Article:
Two articles on PainSci cite Vassiliou 2006: 1. Mobilize! 2. The Art of Rest
PainSci commentary on Vassiliou 2006: ?This page is one of thousands in the PainScience.com bibliography. It is not a general article: it is focused on a single scientific paper, and it may provide only just enough context for the summary to make sense. Links to other papers and more general information are provided wherever possible.
German researchers compared about 100 whiplash victims who were immobilized “with a soft collar over 7 days” to another 100 or so who received “10 physical therapy appointments including active exercises within 14 days after enrollment.” They found unequivocally that “a physical therapy regimen which includes active exercises is superior in reducing pain 6 weeks and 6 months after whiplash injury.”
~ Paul Ingraham
original abstract †Abstracts here may not perfectly match originals, for a variety of technical and practical reasons. Some abstacts are truncated for my purposes here, if they are particularly long-winded and unhelpful. I occasionally add clarifying notes. And I make some minor corrections.
The aim of this study was to compare the effect of a physical therapy regimen including active exercises with the current standard treatment on reduction of pain 6 weeks and 6 months after whiplash injury caused by motor vehicle collision. Two hundred patients were enrolled in a prospective randomized controlled trial. In the standard group, treatment consisted of immobilization with a soft collar over 7 days. In the physical therapy group, patients were scheduled for 10 physical therapy appointments including active exercises within 14 days after enrollment. Pain intensity was rated by all patients daily during the first week, the sixth week, and 6 months after recruitment, using a numeric rating scale (0-10). Data analyses were performed by comparing the mean (over 1 week) pain scores between the two different treatment groups. Ninety-seven patients were randomly assigned to the standard treatment group and 103 to the physical therapy group. During the first week, there was no significant difference in mean pain intensity between the standard treatment group (4.76+/-2.15) and the physical therapy group (4.36+/-2.14). However, after 6 weeks, mean pain intensity was significantly (p=0.002) lower in the physical therapy group (1.49+/-2.26 versus 2.7+/-2.78). Similarly, after 6 months, significantly (p<0.001) less pain was reported in the physical therapy group (1.17+/-2.13) than the standard treatment group (2.33+/-2.56). We conclude that a physical therapy regimen which includes active exercises is superior in reducing pain 6 weeks and 6 months after whiplash injury compared to the current standard treatment with a soft collar.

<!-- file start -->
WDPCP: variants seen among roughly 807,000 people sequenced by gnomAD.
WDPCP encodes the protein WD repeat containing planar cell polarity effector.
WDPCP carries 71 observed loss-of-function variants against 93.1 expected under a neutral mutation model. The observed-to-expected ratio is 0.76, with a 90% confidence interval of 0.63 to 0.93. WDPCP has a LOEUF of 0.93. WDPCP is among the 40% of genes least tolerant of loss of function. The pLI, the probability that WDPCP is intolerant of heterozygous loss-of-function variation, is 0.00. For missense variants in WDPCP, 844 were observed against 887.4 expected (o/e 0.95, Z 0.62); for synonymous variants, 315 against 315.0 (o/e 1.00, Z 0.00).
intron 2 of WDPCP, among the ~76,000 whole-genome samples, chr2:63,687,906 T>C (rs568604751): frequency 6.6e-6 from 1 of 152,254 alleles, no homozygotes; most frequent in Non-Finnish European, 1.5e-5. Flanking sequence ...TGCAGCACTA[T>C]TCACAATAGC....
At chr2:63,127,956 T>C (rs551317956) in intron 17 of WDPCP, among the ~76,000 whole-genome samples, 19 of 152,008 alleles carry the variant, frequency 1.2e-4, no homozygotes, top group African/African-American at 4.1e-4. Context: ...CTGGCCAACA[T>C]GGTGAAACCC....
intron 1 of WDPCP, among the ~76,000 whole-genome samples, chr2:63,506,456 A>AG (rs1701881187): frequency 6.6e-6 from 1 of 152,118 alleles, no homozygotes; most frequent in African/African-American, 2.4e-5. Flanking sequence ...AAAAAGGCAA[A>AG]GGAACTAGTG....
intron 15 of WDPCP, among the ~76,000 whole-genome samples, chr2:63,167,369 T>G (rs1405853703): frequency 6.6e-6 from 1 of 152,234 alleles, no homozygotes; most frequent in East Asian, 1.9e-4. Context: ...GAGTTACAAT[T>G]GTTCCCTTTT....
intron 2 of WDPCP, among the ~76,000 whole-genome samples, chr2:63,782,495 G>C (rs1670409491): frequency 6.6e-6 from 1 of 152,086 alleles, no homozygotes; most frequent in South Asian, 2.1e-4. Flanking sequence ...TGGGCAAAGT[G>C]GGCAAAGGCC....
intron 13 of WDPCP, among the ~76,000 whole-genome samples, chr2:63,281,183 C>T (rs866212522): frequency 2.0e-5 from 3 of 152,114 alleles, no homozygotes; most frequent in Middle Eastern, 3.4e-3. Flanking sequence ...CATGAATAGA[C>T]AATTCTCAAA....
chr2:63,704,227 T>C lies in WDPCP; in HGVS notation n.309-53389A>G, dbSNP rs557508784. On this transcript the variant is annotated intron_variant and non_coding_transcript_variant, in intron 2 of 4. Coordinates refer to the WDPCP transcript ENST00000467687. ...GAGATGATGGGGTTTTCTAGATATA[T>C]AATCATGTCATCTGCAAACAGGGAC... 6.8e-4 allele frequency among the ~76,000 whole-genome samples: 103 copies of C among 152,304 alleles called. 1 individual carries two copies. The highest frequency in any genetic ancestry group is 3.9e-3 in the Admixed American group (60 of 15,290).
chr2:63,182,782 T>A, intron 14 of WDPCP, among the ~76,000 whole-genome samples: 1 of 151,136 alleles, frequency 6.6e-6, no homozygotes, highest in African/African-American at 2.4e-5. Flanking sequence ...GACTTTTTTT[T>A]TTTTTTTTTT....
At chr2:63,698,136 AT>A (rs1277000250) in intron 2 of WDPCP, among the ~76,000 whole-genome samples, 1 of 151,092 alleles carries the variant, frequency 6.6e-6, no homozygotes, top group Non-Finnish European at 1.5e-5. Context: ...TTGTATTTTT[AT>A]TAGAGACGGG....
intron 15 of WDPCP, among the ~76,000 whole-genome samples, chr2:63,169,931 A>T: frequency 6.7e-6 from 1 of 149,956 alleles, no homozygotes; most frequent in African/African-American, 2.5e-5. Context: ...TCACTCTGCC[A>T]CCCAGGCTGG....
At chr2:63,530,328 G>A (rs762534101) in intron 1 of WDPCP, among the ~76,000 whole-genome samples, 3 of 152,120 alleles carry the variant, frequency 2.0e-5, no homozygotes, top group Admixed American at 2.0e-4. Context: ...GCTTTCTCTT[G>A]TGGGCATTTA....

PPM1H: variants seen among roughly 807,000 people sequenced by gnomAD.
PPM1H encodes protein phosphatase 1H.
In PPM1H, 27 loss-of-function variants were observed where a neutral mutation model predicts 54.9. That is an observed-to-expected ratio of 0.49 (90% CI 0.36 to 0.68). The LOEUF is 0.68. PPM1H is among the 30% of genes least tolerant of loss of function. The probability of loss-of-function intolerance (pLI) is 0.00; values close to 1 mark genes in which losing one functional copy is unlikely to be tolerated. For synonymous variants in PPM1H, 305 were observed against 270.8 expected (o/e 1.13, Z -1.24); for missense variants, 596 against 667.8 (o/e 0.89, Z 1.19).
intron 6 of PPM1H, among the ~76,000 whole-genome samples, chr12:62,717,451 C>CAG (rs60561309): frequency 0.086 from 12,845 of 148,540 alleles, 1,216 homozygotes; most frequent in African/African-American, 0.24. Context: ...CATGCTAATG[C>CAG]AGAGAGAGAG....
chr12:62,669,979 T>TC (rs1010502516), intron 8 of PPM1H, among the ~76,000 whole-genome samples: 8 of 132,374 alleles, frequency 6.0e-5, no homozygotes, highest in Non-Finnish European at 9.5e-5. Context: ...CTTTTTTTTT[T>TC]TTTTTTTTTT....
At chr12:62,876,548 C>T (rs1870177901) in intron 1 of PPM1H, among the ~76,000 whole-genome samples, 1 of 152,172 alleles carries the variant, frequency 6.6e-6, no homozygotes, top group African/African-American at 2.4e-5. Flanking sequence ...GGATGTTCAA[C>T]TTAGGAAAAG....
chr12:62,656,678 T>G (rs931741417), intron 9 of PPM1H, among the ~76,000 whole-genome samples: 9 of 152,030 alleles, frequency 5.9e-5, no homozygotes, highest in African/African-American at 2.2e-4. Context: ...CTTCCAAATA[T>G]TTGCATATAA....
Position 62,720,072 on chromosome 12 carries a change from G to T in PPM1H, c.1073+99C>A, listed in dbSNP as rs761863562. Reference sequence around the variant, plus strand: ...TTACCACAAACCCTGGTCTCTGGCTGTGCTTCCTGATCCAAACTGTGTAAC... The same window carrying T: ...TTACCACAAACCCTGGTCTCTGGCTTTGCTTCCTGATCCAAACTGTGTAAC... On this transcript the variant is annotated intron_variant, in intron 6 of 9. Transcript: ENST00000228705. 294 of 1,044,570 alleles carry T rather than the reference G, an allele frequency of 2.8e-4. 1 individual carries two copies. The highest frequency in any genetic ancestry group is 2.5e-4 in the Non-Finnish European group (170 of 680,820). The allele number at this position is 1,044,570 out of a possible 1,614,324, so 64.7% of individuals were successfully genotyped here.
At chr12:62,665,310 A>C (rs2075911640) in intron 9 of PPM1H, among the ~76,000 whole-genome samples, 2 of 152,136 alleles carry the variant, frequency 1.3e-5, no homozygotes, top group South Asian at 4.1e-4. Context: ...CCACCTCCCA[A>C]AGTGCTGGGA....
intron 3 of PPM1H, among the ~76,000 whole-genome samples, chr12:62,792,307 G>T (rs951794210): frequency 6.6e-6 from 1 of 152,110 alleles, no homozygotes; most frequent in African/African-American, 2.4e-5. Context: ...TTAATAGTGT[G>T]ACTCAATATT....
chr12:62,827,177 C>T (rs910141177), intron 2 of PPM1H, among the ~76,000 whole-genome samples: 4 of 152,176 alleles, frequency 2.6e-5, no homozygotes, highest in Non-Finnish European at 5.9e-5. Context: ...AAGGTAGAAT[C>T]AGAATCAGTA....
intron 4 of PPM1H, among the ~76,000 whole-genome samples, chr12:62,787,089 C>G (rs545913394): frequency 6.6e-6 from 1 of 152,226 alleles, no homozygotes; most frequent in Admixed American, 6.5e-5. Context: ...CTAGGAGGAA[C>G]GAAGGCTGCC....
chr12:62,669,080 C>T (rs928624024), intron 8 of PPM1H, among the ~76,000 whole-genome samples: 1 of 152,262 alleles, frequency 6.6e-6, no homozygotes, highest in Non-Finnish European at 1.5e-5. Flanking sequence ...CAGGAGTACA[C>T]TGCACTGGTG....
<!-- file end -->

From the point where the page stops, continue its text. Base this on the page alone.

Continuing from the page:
This page is part of the PainScience BIBLIOGRAPHY, which contains plain language summaries of thousands of scientific papers & others sources. It’s like a highly specialized blog. A few highlights:
- Association of Lumbar MRI Findings with Current and Future Back Pain in a Population-based Cohort Study. Kasch 2022 Spine (Phila Pa 1976).
- A double-blinded randomised controlled study of the value of sequential intravenous and oral magnesium therapy in patients with chronic low back pain with a neuropathic component. Yousef 2013 Anaesthesia.
- Is Neck Posture Subgroup in Late Adolescence a Risk Factor for Persistent Neck Pain in Young Adults? A Prospective Study. Richards 2021 Phys Ther.
- Sudden amnesia resulting in pain relief: the relationship between memory and pain. Choi 2007 Pain.
- Photobiomodulation therapy is not better than placebo in patients with chronic nonspecific low back pain: a randomised placebo-controlled trial. Guimarães 2021 Pain.